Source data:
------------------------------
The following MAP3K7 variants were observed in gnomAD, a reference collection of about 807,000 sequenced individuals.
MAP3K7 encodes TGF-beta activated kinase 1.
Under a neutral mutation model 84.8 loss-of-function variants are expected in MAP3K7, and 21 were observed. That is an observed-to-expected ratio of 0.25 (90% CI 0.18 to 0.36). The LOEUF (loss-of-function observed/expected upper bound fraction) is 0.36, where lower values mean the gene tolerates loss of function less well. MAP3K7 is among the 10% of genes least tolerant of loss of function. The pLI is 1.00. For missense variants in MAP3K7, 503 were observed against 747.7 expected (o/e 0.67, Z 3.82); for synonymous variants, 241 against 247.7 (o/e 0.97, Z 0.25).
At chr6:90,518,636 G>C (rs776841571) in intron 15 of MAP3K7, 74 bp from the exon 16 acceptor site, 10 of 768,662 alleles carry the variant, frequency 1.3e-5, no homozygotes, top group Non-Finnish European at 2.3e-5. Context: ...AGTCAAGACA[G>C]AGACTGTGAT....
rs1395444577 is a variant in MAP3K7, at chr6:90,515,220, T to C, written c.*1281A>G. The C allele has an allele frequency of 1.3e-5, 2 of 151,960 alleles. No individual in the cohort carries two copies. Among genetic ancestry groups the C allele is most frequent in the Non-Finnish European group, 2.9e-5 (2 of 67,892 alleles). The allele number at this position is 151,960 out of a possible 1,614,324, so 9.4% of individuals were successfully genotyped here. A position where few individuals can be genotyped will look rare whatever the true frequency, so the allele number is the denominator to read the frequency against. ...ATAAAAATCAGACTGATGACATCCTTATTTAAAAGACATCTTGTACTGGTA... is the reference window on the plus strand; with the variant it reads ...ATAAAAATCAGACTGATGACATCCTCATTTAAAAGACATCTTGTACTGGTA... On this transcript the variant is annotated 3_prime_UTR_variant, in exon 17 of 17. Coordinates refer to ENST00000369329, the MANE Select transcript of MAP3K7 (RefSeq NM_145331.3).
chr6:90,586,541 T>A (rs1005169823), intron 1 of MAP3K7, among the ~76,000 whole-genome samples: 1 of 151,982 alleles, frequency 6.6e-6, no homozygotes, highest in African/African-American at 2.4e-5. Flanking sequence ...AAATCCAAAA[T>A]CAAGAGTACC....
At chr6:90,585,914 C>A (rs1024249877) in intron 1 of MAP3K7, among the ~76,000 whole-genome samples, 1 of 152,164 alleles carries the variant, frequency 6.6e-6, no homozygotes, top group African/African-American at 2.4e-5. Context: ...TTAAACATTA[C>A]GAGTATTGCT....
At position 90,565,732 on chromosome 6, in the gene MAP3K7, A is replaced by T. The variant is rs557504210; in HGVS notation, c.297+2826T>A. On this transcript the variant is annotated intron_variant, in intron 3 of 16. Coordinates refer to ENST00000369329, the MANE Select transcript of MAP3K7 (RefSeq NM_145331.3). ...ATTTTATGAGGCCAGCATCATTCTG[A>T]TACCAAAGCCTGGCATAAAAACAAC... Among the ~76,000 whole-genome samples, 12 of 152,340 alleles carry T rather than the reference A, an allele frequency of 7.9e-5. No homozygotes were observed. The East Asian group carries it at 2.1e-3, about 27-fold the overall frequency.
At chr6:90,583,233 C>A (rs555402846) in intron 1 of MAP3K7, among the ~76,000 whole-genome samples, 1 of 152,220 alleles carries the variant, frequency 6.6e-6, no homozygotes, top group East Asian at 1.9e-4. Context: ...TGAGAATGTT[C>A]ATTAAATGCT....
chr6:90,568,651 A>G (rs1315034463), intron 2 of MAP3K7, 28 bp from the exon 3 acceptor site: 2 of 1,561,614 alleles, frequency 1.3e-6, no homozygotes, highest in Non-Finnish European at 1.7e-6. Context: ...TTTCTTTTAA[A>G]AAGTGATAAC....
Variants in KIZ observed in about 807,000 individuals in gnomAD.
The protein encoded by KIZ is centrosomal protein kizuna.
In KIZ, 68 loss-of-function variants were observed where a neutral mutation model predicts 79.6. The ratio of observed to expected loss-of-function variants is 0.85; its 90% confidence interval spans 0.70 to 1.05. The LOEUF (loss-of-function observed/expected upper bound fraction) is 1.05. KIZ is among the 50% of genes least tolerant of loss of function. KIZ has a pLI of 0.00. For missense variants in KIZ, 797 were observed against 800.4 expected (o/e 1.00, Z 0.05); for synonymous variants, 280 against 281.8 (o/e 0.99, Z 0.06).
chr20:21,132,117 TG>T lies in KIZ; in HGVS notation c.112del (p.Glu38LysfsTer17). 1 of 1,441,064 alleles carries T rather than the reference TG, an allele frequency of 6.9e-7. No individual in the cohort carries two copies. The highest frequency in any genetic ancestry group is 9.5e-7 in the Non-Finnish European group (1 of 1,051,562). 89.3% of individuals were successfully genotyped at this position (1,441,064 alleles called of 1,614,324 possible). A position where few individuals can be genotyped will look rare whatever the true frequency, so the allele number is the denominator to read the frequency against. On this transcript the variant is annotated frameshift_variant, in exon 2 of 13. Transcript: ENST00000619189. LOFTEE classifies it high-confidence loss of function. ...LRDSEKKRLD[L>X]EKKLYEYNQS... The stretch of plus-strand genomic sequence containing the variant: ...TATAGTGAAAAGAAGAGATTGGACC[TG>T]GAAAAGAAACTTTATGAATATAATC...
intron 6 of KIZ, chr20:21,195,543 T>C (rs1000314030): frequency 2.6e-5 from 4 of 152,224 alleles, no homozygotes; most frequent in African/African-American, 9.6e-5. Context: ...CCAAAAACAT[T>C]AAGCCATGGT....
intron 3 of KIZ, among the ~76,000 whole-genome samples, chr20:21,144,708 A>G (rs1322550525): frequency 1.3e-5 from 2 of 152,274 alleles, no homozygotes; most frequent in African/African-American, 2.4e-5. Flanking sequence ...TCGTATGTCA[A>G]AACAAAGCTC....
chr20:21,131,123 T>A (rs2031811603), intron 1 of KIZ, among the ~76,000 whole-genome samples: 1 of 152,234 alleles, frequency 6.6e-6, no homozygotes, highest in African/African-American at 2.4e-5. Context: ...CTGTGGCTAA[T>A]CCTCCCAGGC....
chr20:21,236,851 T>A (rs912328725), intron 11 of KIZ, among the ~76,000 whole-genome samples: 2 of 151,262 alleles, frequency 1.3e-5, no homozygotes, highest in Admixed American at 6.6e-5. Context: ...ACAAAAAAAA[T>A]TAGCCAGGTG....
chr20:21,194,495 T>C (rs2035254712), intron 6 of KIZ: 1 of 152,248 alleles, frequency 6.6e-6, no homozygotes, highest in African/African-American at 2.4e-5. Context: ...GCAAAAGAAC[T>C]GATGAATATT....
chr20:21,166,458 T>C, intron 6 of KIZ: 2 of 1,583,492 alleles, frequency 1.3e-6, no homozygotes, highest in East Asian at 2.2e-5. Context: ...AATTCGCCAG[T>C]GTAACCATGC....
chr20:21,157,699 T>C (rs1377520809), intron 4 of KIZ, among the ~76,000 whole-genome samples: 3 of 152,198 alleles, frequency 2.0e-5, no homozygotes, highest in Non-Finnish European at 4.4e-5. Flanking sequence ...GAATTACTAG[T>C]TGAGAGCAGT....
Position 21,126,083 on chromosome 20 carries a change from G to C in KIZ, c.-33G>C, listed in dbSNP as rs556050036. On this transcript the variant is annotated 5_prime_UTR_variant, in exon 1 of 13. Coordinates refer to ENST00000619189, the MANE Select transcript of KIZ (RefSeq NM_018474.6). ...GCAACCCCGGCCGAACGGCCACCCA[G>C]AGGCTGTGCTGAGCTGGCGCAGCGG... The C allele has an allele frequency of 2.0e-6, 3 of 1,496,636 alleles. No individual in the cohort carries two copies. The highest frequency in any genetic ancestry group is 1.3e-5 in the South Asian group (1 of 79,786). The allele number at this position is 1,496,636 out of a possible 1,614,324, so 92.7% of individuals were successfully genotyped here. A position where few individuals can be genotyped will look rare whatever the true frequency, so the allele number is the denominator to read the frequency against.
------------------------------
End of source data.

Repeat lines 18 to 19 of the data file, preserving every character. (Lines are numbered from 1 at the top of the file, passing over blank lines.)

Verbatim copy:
chr20:21,236,851 T>A (rs912328725), intron 11 of KIZ, among the ~76,000 whole-genome samples: 2 of 151,262 alleles, frequency 1.3e-5, no homozygotes, highest in Admixed American at 6.6e-5. Context: ...ACAAAAAAAA[T>A]TAGCCAGGTG....
chr20:21,194,495 T>C (rs2035254712), intron 6 of KIZ: 1 of 152,248 alleles, frequency 6.6e-6, no homozygotes, highest in African/African-American at 2.4e-5. Context: ...GCAAAAGAAC[T>C]GATGAATATT....